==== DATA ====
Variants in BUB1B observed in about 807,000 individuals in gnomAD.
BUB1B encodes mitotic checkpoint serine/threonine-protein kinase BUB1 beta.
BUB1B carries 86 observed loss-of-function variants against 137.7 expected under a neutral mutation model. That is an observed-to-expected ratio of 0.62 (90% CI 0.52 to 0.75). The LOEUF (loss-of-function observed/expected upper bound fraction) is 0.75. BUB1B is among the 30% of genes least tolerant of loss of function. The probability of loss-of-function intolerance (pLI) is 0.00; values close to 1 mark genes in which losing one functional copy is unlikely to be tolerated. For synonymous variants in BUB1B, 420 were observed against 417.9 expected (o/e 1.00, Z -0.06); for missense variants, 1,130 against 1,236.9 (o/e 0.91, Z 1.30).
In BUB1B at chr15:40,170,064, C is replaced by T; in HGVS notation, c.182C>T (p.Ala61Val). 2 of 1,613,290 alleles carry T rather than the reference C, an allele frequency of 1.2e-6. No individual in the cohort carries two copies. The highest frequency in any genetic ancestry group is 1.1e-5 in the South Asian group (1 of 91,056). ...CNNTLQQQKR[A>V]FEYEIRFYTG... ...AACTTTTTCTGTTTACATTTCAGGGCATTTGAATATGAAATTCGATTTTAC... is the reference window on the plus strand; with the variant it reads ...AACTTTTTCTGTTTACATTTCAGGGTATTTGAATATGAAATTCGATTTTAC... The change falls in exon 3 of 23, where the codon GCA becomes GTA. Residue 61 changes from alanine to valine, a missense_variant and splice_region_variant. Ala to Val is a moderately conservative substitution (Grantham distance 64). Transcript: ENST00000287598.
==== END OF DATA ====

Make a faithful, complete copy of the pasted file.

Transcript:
Variants in BUB1B observed in about 807,000 individuals in gnomAD.
BUB1B encodes mitotic checkpoint serine/threonine-protein kinase BUB1 beta.
BUB1B carries 86 observed loss-of-function variants against 137.7 expected under a neutral mutation model. That is an observed-to-expected ratio of 0.62 (90% CI 0.52 to 0.75). The LOEUF (loss-of-function observed/expected upper bound fraction) is 0.75. BUB1B is among the 30% of genes least tolerant of loss of function. The probability of loss-of-function intolerance (pLI) is 0.00; values close to 1 mark genes in which losing one functional copy is unlikely to be tolerated. For synonymous variants in BUB1B, 420 were observed against 417.9 expected (o/e 1.00, Z -0.06); for missense variants, 1,130 against 1,236.9 (o/e 0.91, Z 1.30).
In BUB1B at chr15:40,170,064, C is replaced by T; in HGVS notation, c.182C>T (p.Ala61Val). 2 of 1,613,290 alleles carry T rather than the reference C, an allele frequency of 1.2e-6. No individual in the cohort carries two copies. The highest frequency in any genetic ancestry group is 1.1e-5 in the South Asian group (1 of 91,056). ...CNNTLQQQKR[A>V]FEYEIRFYTG... ...AACTTTTTCTGTTTACATTTCAGGGCATTTGAATATGAAATTCGATTTTAC... is the reference window on the plus strand; with the variant it reads ...AACTTTTTCTGTTTACATTTCAGGGTATTTGAATATGAAATTCGATTTTAC... The change falls in exon 3 of 23, where the codon GCA becomes GTA. Residue 61 changes from alanine to valine, a missense_variant and splice_region_variant. Ala to Val is a moderately conservative substitution (Grantham distance 64). Transcript: ENST00000287598.